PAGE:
Standard 5.1: Patient Education Pathways. A significant compliance change was made to this standard, indicating that patient education pathways must be reviewed and revised annually by the MBS Committee with updated procedural volumes and outcomes data. Patient education pathways must have up-to-date information on case volume, procedure mix, outcomes data, and other relevant changes to properly address the informed consent process. 

The education pathway format can be developed per the center’s discretion, but it needs to list all procedures offered at the center, case volumes for those procedures, and adverse events. Regarding adverse events, major events, such as leaks, bleeds, and readmissions, should be listed. Additional patient education information can include, but is not limited to, expected weight loss, body mass index (BMI) change, comorbidity resolution, and lifetime numbers. Many centers are simply offering this information on their website to minimize the cost of updating print materials and videos

Frequently asked questions regarding the patient education pathways are listed below. 

Q: Our center has a patient pamphlet that does not cover all the required elements of the patient education pathway. Do we need additional education materials?

A: Yes. Advertising materials for your program are not the same as the patient education pathway required in Standard 5.1. The patient education pathway must include outcomes data, case volume, and additional information that must be discussed with the patient. This information must be revised and updated annually in your education materials. Having separate advertising materials for the program that provide a more basic, high-level overview of the bariatric surgery is perfectly acceptable, but those materials will not meet the measure of compliance for this standard by themselves.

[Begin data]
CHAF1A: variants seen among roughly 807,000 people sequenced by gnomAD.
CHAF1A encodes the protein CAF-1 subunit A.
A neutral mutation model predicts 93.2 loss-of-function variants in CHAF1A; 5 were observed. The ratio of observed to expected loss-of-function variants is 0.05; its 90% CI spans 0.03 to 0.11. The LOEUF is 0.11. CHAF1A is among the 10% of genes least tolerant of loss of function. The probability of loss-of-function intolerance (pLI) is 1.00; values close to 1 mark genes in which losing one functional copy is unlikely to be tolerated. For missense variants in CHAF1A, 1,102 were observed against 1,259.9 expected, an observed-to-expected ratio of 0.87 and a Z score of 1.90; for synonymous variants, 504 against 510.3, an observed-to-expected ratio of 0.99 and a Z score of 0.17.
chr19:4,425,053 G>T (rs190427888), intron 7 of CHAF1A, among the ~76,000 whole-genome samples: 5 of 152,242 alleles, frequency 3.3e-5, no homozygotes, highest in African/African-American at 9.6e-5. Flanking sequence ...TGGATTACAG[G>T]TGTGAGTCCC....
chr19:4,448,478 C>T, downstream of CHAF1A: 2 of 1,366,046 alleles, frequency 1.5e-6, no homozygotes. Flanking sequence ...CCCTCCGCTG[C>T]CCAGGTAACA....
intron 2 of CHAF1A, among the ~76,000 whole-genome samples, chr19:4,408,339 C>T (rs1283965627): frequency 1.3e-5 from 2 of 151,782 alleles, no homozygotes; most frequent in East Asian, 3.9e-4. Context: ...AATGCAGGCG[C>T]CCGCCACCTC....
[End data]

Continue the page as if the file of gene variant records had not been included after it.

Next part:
Standards 5.2 and 5.3: Patient Care Pathways and Written Transfer Agreements. There are no compliance changes for Standards 5.2 and 5.3, but there are two frequently asked questions to discuss. 

Standard 5.2 Patient Care Pathways.

Q: Is there a required template or format for our patient care pathways? 

A: No. Flow charts, tables, algorithms, patient care crosswalks, word documents, or any other format is acceptable. The only requirement is for the patient care pathway to address all necessary elements outlined in Standard 5.2.

Standard 5.3 Written Transfer Agreement.

Q: Our center manages all complications on-site. Do we need a transfer agreement?

A: No. If your center can manage the full complement of metabolic and bariatric complications onsite, you do not need a transfer agreement, and no documentation is required for this standard. Compliance with this standard will be confirmed during the site visit. 

This concludes the fifth article of Raising the Standards with MBSAQIP. The next article will review the Obesity Medicine Standards.  

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Category: Past Articles, Raising the Standard